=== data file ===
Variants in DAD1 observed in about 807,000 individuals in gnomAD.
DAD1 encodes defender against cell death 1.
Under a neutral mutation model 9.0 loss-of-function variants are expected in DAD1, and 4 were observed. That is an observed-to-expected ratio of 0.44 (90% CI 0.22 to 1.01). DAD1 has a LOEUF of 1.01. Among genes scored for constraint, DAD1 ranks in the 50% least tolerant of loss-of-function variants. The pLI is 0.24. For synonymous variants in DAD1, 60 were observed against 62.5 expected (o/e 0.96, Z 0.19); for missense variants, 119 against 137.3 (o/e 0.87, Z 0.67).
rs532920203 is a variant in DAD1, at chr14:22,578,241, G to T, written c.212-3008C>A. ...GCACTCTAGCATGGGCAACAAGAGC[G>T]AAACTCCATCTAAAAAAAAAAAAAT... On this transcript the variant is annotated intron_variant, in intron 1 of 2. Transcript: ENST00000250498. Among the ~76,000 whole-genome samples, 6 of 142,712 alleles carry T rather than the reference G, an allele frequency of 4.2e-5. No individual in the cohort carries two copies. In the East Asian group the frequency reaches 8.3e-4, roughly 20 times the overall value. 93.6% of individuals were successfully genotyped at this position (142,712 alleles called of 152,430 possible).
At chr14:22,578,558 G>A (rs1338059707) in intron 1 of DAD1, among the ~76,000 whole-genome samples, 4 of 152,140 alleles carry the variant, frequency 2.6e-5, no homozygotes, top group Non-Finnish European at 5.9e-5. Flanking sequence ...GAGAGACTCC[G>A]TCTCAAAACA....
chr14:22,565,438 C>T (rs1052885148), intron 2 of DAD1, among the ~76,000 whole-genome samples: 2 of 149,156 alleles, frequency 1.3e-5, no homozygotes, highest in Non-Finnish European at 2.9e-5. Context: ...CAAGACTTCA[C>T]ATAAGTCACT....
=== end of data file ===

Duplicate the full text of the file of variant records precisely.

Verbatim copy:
Variants in DAD1 observed in about 807,000 individuals in gnomAD.
DAD1 encodes defender against cell death 1.
Under a neutral mutation model 9.0 loss-of-function variants are expected in DAD1, and 4 were observed. That is an observed-to-expected ratio of 0.44 (90% CI 0.22 to 1.01). DAD1 has a LOEUF of 1.01. Among genes scored for constraint, DAD1 ranks in the 50% least tolerant of loss-of-function variants. The pLI is 0.24. For synonymous variants in DAD1, 60 were observed against 62.5 expected (o/e 0.96, Z 0.19); for missense variants, 119 against 137.3 (o/e 0.87, Z 0.67).
rs532920203 is a variant in DAD1, at chr14:22,578,241, G to T, written c.212-3008C>A. ...GCACTCTAGCATGGGCAACAAGAGC[G>T]AAACTCCATCTAAAAAAAAAAAAAT... On this transcript the variant is annotated intron_variant, in intron 1 of 2. Transcript: ENST00000250498. Among the ~76,000 whole-genome samples, 6 of 142,712 alleles carry T rather than the reference G, an allele frequency of 4.2e-5. No individual in the cohort carries two copies. In the East Asian group the frequency reaches 8.3e-4, roughly 20 times the overall value. 93.6% of individuals were successfully genotyped at this position (142,712 alleles called of 152,430 possible).
At chr14:22,578,558 G>A (rs1338059707) in intron 1 of DAD1, among the ~76,000 whole-genome samples, 4 of 152,140 alleles carry the variant, frequency 2.6e-5, no homozygotes, top group Non-Finnish European at 5.9e-5. Flanking sequence ...GAGAGACTCC[G>A]TCTCAAAACA....
chr14:22,565,438 C>T (rs1052885148), intron 2 of DAD1, among the ~76,000 whole-genome samples: 2 of 149,156 alleles, frequency 1.3e-5, no homozygotes, highest in Non-Finnish European at 2.9e-5. Context: ...CAAGACTTCA[C>T]ATAAGTCACT....